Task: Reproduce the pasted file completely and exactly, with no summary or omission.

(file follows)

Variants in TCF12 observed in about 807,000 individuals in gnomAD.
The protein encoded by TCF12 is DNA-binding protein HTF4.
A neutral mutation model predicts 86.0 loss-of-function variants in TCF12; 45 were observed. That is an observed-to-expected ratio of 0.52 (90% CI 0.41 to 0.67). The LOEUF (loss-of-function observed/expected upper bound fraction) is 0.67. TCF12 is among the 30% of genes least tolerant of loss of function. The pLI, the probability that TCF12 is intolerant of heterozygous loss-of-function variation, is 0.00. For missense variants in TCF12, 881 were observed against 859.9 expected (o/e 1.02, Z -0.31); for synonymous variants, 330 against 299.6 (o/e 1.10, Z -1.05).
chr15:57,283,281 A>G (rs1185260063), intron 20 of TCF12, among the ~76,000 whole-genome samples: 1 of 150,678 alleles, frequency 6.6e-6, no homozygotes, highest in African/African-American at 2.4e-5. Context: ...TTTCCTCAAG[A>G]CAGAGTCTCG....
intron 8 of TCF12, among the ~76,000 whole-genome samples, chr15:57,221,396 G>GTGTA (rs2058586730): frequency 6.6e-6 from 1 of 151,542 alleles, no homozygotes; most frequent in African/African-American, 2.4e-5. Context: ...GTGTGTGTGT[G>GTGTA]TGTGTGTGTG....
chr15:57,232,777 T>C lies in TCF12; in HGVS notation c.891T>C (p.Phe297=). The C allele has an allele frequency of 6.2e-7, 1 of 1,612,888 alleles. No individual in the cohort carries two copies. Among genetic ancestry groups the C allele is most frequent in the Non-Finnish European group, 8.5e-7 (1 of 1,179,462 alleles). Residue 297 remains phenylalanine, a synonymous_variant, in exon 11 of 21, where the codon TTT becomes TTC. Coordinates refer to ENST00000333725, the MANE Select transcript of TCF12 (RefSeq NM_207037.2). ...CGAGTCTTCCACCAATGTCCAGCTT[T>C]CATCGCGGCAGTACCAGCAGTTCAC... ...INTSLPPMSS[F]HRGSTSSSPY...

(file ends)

Variants in TCF12 observed in about 807,000 individuals in gnomAD.
The protein encoded by TCF12 is DNA-binding protein HTF4.
A neutral mutation model predicts 86.0 loss-of-function variants in TCF12; 45 were observed. That is an observed-to-expected ratio of 0.52 (90% CI 0.41 to 0.67). The LOEUF (loss-of-function observed/expected upper bound fraction) is 0.67. TCF12 is among the 30% of genes least tolerant of loss of function. The pLI, the probability that TCF12 is intolerant of heterozygous loss-of-function variation, is 0.00. For missense variants in TCF12, 881 were observed against 859.9 expected (o/e 1.02, Z -0.31); for synonymous variants, 330 against 299.6 (o/e 1.10, Z -1.05).
chr15:57,283,281 A>G (rs1185260063), intron 20 of TCF12, among the ~76,000 whole-genome samples: 1 of 150,678 alleles, frequency 6.6e-6, no homozygotes, highest in African/African-American at 2.4e-5. Context: ...TTTCCTCAAG[A>G]CAGAGTCTCG....
intron 8 of TCF12, among the ~76,000 whole-genome samples, chr15:57,221,396 G>GTGTA (rs2058586730): frequency 6.6e-6 from 1 of 151,542 alleles, no homozygotes; most frequent in African/African-American, 2.4e-5. Context: ...GTGTGTGTGT[G>GTGTA]TGTGTGTGTG....
chr15:57,232,777 T>C lies in TCF12; in HGVS notation c.891T>C (p.Phe297=). The C allele has an allele frequency of 6.2e-7, 1 of 1,612,888 alleles. No individual in the cohort carries two copies. Among genetic ancestry groups the C allele is most frequent in the Non-Finnish European group, 8.5e-7 (1 of 1,179,462 alleles). Residue 297 remains phenylalanine, a synonymous_variant, in exon 11 of 21, where the codon TTT becomes TTC. Coordinates refer to ENST00000333725, the MANE Select transcript of TCF12 (RefSeq NM_207037.2). ...CGAGTCTTCCACCAATGTCCAGCTT[T>C]CATCGCGGCAGTACCAGCAGTTCAC... ...INTSLPPMSS[F]HRGSTSSSPY...